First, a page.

With Pennsylvania set to be a key state in this year’s midterm election, residents can expect an intensification of out-of-state donations, the report says, as Democratic Lt. gov. John Fetterman is confronted by prominent heart surgeon Mehmet Oz, who was backed by ex-President Donald Trump.
“Pennsylvania is not a playground for billionaires in the DC advisory class,” said American Promise executive director Bill Cortese, who joined Schroeder at the press conference. “Pennsylvanians deserve to dictate who runs their state and who they send to Washington.”
Cortese said some outside spending comes from dark money groups that are not legally required to publicly disclose their donors.
“We have no traceability [it]. We have no idea where it came from [from]’ Cortese said of that money, adding that foreign actors could exploit this opacity to influence elections.
If the Pennsylvania Legislature approved Schroeder’s action, Pennsylvania would become the 23rd state to pass a resolution calling for greater local control over external federal election spending.
A two-thirds majority in both the US House of Representatives and the US Senate is required to approve the wording of a proposed amendment. After that, the amendment would be sent back to state legislatures for ratification. Then 38 states would have to ratify the amendment for it to come into force.
The last amendment to the US Constitution — the 27th Amendment, which regulates congressional salaries — took more than 200 years to ratify.
Back in Pennsylvania, before Schroeder’s resolution can even get through Congress, it must be endorsed by a state legislature that, despite numerous efforts over the years to tighten the rules, has failed to make significant changes to its own campaign finance laws.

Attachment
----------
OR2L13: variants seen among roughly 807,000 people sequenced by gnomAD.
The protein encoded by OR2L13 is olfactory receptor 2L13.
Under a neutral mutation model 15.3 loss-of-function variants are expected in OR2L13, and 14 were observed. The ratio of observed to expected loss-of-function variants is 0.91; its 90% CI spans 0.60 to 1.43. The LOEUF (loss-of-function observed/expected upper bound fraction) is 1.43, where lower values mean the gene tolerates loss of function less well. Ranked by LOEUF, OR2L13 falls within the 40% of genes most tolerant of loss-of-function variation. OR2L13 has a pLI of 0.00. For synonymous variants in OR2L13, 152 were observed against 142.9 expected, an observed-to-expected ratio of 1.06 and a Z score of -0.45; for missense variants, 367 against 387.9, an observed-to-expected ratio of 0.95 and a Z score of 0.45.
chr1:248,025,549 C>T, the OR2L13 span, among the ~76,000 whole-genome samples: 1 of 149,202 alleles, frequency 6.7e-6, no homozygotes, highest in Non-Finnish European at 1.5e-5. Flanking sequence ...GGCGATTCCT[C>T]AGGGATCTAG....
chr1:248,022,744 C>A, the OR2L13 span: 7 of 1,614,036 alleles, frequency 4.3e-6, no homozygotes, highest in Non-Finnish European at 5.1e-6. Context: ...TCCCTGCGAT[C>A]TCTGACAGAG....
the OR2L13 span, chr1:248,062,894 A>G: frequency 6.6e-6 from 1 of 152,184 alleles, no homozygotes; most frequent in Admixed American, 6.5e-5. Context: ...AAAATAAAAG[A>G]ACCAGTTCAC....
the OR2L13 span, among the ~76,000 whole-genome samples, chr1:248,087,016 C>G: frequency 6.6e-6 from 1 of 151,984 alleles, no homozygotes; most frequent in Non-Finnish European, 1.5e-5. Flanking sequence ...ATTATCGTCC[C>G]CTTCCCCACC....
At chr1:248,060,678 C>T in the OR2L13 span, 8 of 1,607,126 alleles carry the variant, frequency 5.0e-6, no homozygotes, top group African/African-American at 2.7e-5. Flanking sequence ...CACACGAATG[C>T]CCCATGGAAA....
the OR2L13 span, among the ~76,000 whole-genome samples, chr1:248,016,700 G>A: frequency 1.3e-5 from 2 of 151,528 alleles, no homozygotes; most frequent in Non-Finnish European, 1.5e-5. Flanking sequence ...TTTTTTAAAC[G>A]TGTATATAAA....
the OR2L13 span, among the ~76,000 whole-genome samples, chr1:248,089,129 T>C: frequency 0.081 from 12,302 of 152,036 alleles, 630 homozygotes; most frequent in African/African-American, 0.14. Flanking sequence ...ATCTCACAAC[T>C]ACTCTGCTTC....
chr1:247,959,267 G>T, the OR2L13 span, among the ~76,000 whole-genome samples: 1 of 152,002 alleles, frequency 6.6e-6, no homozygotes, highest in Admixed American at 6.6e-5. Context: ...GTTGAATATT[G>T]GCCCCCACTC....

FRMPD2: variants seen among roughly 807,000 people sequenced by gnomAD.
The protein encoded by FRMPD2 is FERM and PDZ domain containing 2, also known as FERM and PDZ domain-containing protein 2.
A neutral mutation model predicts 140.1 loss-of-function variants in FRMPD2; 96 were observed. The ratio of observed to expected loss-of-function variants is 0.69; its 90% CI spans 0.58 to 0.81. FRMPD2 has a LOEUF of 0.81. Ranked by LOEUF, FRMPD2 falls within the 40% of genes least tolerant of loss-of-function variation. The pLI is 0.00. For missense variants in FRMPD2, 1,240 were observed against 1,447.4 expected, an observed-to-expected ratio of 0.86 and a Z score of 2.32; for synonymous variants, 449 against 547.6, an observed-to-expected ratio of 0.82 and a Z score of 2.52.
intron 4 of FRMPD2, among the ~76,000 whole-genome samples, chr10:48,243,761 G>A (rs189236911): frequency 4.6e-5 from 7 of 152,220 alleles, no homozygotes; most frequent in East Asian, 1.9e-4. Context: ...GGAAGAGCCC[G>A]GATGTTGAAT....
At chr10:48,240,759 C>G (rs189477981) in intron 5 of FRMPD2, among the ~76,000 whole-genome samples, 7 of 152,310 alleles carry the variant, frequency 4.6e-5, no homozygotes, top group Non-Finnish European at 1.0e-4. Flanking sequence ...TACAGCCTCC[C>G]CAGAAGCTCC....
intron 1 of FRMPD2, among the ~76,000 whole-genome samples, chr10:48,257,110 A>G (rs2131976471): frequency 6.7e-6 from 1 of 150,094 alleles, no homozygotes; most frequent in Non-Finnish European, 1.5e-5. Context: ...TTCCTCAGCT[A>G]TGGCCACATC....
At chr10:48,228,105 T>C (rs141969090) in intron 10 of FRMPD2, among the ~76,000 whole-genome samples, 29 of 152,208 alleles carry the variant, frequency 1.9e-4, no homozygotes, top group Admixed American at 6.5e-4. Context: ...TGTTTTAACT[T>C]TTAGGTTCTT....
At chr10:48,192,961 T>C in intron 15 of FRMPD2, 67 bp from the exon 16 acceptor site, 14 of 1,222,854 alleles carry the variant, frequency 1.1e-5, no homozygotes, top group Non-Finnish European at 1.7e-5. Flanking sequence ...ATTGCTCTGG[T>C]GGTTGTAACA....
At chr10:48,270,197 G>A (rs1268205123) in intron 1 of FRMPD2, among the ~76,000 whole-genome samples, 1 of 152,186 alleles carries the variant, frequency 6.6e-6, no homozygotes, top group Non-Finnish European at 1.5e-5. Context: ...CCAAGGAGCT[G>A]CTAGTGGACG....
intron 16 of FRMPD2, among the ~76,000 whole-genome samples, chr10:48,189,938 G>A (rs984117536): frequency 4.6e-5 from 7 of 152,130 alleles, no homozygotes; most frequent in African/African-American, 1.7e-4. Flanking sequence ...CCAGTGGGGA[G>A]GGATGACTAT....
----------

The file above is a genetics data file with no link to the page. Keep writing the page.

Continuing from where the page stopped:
According to Holman, the state has the power to regulate and pass campaign finance laws related to its state-level elections. However, unlike most other states, Pennsylvania has no monetary limits on political donations. Donors of high profile national campaigns can – and do – make six and even seven figure donations to candidates.
There are also few restrictions on how campaign funds can be spent and no mandates to disclose details of how candidates use those funds.
Bills to change the system have been introduced in almost every two-year parliamentary term for the past decade, but have remained without a hearing.
State Senate Minority Leader Jay Costa (D., Allegheny), a longtime proponent of changes to campaign finance, has introduced legislation in multiple terms that would put a monetary cap on campaign donations and make campaign spending more transparent.
Colleen DeFrank, a spokeswoman for the state Senate Democrats, said Costa plans to introduce similar legislation again.
When asked why Costa’s previous proposals were not implemented, DeFrank blamed Republicans in the state Senate.
“Because the bill was never considered by committee, Senator Costa has made multiple attempts to introduce the plan as an amendment to various election bills that have been submitted to the Senate, but have also been blocked from consideration by Senate Republicans,” she said wrote in an email.
Erica Clayton Wright, a Senate Republican spokeswoman, said, “It’s difficult to comment on something that hasn’t been introduced. We haven’t seen language, nor do we know if [it] will be introduced.”
Jaxon White is an intern with the Pennsylvania Legislative Correspondents’ Association. Learn more about the program. Spotlight PA is funded by foundations and readers like you committed to responsible journalism that gets results.